If it were me in the situation you describe I would be very suspicious of this "sweetheart" deal. The chiropractor sends the lawyer referrals in return for a finder's fee and, no doubt, the lawyer reciprocates by sending his clients to the chiropractor for a diagnosis favorable to the lawyer's case.
At the least it is unethical and in some jurisdictions it may be outright illegal.
Law school scholarships are pretty much always merit-based.
The government programs giving grants to need-based candidates apply only to undergraduates. Thus, law schools usually get their scholarship funds from private donors or from a slice of the budget allotted after the school has collected exorbitant tuition fees from students. This means the law schools can do pretty much anything they want with the scholarship funds.
Pragmatics requires law schools to use available scholarship funds to attract students that will boost the schools reputation, rank, and classroom experience thus perpetuating the schools legacy as these well qualified students go into the workforce, hopefully make some money, and hopefully donate to their alma mater. Students with high LSAT/GPA scores (relative to the school's student body) will most often get scholarship offers.I suppose that schools might also use scholarship money to attract minority groups, but I don't have personal knowledge of that.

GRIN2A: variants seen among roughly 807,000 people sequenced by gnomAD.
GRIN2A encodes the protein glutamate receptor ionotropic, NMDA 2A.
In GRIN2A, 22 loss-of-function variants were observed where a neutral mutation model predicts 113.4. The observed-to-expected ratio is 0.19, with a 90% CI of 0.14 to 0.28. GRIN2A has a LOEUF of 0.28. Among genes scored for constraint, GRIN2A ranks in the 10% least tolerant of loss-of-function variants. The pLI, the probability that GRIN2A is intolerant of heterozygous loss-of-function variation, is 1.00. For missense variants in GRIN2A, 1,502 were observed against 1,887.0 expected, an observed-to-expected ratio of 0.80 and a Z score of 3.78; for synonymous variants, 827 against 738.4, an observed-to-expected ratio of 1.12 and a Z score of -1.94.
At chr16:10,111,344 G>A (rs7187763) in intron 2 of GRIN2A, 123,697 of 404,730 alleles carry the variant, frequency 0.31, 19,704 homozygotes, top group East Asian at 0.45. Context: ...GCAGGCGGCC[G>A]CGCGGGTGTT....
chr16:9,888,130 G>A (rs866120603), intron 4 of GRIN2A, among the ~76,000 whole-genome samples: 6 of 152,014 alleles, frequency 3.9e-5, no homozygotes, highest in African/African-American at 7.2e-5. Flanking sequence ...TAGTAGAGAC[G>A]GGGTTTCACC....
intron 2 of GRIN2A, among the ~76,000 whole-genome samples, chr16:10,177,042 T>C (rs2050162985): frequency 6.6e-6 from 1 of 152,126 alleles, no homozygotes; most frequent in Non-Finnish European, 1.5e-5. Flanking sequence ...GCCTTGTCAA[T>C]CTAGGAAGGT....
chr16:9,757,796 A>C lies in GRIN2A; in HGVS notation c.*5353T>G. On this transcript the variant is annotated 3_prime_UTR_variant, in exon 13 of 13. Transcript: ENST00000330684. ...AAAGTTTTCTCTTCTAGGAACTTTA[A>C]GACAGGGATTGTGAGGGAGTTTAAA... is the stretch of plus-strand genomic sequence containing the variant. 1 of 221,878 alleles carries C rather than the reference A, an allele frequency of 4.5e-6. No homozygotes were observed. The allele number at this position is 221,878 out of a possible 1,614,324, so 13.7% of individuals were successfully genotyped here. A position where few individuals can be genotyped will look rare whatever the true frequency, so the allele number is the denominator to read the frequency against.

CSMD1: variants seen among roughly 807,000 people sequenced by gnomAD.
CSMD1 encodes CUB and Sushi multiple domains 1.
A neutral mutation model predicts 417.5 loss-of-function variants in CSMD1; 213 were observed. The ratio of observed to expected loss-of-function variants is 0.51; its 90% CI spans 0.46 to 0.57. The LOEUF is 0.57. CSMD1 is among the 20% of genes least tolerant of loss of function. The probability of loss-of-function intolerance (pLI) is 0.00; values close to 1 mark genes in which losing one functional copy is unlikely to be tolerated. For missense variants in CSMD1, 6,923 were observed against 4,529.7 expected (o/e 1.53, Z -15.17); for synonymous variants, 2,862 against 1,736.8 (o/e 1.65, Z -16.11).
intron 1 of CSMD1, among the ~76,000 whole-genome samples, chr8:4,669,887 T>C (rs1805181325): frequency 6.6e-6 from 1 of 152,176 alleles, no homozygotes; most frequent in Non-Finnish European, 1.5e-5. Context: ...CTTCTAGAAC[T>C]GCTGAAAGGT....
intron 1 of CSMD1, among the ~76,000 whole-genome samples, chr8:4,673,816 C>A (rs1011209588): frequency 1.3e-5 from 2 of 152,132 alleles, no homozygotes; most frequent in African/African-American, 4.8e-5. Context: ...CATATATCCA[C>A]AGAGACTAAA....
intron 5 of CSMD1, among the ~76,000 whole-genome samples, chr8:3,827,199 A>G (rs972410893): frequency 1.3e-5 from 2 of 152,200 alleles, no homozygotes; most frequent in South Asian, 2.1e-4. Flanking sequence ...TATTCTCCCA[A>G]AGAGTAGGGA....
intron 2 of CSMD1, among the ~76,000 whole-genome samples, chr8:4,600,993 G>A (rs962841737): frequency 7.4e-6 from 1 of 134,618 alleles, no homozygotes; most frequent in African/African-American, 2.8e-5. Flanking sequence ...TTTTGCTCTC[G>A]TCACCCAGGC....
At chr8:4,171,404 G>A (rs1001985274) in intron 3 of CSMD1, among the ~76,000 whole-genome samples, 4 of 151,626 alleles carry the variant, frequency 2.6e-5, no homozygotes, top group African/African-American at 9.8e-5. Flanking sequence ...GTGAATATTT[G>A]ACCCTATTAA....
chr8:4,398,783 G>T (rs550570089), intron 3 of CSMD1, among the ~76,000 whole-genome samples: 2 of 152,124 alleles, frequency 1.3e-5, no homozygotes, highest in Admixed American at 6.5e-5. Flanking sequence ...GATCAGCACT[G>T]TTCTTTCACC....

So what should you do? Get a good LSAT/GPA. Apply to schools where your LSAT/GPA is above the 75th percentile for the student body. These schools should be top tier or perhaps the only school in your legal market of choice. If you can't find a school where you match that description, you might want to have some second and third thoughts about the law school idea.
Assuming you find reputable schools where you qualify with scholarships, you will want to be careful about which scholarship you accept. Scholarship funds are not endless and schools will want to get bang for their buck. Consequently, you will see schemes offering you full tuition for all 3 years, but only if you're in the top whatever of the class. If they set the bar too high for you, you'll find yourself stuck at the school and paying a hefty tuition price after losing your scholarship. Other schools will waive out-of-state tuition prices, others will guarantee you a job to earn money, etc.
As for potential need-based opportunities, I'm sure that here and there one might find a generous benefactor who has set up some sort fund for need-based candidates . . . . but I wouldn't bother crossing my fingers on that one.